“I have the great honor to announce that I’ve picked @KamalaHarris — a fearless fighter for the little guy, and one of the country’s finest public servants — as my running mate,” Biden tweeted.
“Back when Kamala was Attorney General, she worked closely with Beau,” he added. “I watched as they took on the big banks, lifted up working people, and protected women and kids from abuse. I was proud then, and I’m proud now to have her as my partner in this campaign.”
Harris, 55, is the first black woman in U.S. history to run on a major party’s ticket.
“I need someone working alongside me who is smart, tough, and ready to lead. Kamala is that person,” Biden said in an email to supporters when he announced his vice presidential pick.
On Biden’s long list of contenders for the final spot, Harris was always considered at the top due to her experience on Capitol Hill, as the California attorney general and as the former district attorney of San Francisco. Although other candidates on the list could have been a strong fit including Sen. Elizabeth Warren (D-Mass.), Susan Rice, Michigan Gov. Gretchen Whitmer and Rep. Karen Bass (D-Calif.), no other candidate was as nationally recognized and supported widespread by the entire party.
Two top contenders on Biden’s shortlist took to Twitter to congratulate his official running mate.
“I am extraordinarily proud to support @KamalaHarris and @JoeBiden! They will be a fierce team to Build America Back Better,” Whitmer tweeted.
“I am thrilled to support Senator Kamala Harris as the next Vice President of the United States. I am privileged to have been part of this process and to speak with Vice President Biden at length over the weekend and again today. He is building a team that can rebuild America and restore our faith in what lies ahead,” Stacy Abrams, former top Democrat in the Georgia House, tweeted.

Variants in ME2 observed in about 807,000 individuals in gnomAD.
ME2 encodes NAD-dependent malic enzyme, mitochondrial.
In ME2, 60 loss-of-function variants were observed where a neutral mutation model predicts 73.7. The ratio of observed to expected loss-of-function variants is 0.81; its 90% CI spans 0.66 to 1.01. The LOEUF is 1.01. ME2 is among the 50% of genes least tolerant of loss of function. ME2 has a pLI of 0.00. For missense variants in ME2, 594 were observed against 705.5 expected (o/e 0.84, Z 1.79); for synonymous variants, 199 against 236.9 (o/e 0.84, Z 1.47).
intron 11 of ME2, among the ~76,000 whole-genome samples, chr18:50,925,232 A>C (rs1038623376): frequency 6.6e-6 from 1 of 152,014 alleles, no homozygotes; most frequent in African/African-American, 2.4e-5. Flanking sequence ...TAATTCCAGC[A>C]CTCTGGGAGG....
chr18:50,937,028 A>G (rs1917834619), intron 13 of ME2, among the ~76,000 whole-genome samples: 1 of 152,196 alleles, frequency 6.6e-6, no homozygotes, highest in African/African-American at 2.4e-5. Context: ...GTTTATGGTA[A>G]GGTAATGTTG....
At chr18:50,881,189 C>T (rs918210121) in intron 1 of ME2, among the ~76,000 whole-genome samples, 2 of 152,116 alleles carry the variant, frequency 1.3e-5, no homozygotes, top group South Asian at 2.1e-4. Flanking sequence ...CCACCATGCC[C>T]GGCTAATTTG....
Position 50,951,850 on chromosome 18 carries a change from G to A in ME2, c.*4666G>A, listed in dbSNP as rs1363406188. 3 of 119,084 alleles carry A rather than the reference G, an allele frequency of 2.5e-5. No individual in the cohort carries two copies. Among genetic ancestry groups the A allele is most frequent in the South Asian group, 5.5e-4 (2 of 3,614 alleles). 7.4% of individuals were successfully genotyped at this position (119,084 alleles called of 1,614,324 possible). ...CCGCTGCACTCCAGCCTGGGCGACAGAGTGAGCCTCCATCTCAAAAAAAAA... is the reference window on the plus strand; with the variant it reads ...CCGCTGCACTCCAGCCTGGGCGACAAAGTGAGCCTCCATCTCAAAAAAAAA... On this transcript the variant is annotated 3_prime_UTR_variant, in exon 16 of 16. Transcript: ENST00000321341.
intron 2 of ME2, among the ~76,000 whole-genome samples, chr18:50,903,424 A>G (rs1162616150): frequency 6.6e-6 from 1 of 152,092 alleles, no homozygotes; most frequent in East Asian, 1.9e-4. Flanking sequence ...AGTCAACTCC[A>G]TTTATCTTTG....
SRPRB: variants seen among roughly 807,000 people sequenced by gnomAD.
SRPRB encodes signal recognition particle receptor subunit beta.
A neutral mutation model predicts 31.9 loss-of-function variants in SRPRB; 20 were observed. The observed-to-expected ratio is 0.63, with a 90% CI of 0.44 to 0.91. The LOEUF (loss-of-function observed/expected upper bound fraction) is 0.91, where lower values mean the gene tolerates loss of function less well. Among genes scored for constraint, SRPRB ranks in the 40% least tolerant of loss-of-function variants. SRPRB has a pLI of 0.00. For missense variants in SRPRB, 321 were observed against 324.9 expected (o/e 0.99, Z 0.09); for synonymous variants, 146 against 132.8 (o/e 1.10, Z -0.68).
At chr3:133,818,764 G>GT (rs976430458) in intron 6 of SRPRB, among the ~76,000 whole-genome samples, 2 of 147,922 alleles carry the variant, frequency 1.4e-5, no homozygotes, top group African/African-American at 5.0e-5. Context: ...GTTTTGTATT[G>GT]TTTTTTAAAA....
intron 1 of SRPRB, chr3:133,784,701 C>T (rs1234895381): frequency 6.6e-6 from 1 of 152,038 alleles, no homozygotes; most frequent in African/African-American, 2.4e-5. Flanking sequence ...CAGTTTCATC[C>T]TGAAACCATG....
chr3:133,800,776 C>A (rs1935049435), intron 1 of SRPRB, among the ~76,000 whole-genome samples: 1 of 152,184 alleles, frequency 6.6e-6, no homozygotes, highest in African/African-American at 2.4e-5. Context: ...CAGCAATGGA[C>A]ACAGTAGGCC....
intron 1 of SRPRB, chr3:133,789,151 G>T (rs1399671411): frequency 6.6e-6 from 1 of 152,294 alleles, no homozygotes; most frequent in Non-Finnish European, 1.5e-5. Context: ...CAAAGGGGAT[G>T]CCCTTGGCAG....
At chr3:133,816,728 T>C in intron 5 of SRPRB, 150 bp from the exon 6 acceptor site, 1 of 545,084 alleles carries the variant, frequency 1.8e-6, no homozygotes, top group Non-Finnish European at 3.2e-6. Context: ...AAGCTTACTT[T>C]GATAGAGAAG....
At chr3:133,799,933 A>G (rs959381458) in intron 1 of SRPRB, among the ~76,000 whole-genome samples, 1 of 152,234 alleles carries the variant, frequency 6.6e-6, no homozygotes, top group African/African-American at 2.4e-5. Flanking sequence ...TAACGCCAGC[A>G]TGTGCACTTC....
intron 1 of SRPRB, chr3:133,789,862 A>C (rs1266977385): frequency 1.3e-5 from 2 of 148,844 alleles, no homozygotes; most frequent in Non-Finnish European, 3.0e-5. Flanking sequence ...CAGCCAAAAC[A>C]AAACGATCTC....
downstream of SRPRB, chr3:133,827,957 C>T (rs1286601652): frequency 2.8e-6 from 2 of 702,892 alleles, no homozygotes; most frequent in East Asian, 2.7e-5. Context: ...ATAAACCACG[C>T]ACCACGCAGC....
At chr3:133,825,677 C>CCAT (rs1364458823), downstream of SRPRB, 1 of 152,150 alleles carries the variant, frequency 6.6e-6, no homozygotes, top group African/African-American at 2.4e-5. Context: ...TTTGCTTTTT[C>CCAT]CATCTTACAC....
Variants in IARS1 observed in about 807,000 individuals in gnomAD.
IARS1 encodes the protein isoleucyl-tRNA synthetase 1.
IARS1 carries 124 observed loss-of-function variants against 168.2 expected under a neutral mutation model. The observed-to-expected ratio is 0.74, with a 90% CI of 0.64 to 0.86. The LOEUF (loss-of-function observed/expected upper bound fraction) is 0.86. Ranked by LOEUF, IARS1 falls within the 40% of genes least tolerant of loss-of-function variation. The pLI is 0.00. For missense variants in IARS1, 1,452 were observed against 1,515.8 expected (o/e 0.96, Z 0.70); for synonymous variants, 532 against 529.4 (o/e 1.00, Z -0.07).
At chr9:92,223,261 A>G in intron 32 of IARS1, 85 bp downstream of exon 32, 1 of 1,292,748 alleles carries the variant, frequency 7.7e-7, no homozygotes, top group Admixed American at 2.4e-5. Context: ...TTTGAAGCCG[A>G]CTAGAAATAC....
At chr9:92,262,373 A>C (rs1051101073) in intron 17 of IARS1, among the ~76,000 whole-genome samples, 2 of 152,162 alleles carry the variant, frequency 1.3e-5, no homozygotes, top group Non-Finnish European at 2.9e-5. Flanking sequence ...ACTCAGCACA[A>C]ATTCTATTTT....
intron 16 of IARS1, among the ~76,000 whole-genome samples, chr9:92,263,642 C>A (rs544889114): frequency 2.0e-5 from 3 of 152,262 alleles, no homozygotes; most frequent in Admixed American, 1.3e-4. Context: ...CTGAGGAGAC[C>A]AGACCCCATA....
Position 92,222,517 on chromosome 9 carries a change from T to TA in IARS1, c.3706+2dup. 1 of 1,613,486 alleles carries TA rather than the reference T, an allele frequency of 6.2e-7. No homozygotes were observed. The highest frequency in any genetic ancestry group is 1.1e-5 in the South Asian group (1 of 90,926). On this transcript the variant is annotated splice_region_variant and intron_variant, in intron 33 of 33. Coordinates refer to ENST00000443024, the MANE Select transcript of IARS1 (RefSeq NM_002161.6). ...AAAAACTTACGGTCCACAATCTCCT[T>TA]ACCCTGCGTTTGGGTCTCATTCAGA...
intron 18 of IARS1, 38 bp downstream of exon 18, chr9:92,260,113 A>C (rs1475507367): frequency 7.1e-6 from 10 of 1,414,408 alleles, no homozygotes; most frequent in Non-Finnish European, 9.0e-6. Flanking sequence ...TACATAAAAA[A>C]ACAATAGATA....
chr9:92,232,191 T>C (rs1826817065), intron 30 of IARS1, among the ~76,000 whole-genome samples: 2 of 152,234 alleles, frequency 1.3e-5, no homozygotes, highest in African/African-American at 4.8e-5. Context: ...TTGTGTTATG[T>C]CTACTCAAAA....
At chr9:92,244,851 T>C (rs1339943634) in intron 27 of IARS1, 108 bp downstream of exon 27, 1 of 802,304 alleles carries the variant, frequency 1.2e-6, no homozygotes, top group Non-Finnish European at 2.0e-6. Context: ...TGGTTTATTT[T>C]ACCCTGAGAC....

Harris is known to focus on issues relating to criminal justice reform, healthcare for Black Americans, and ending racial injustice tensions across the country.
Former Sen. Chris Dodd of Connecticut, who served as a member of Biden’s vice president selection committee, however, has condemned Kamala in the past, after she verbally attacked Biden during an early primary debate, claiming she had “no remorse.” Other Democrats question Harris’s ambitions for her candidacy, speculating that if Biden is elected, the next four years will just be a campaign race to run for president in 2024.
Biden and Harris are slated to deliver remarks for the first time together in Delaware on Wednesday, according to his campaign team.
Rachel Bucchino is a reporter at the National Interest. Her work has appeared in The Washington Post, U.S. News & World Report and The Hill.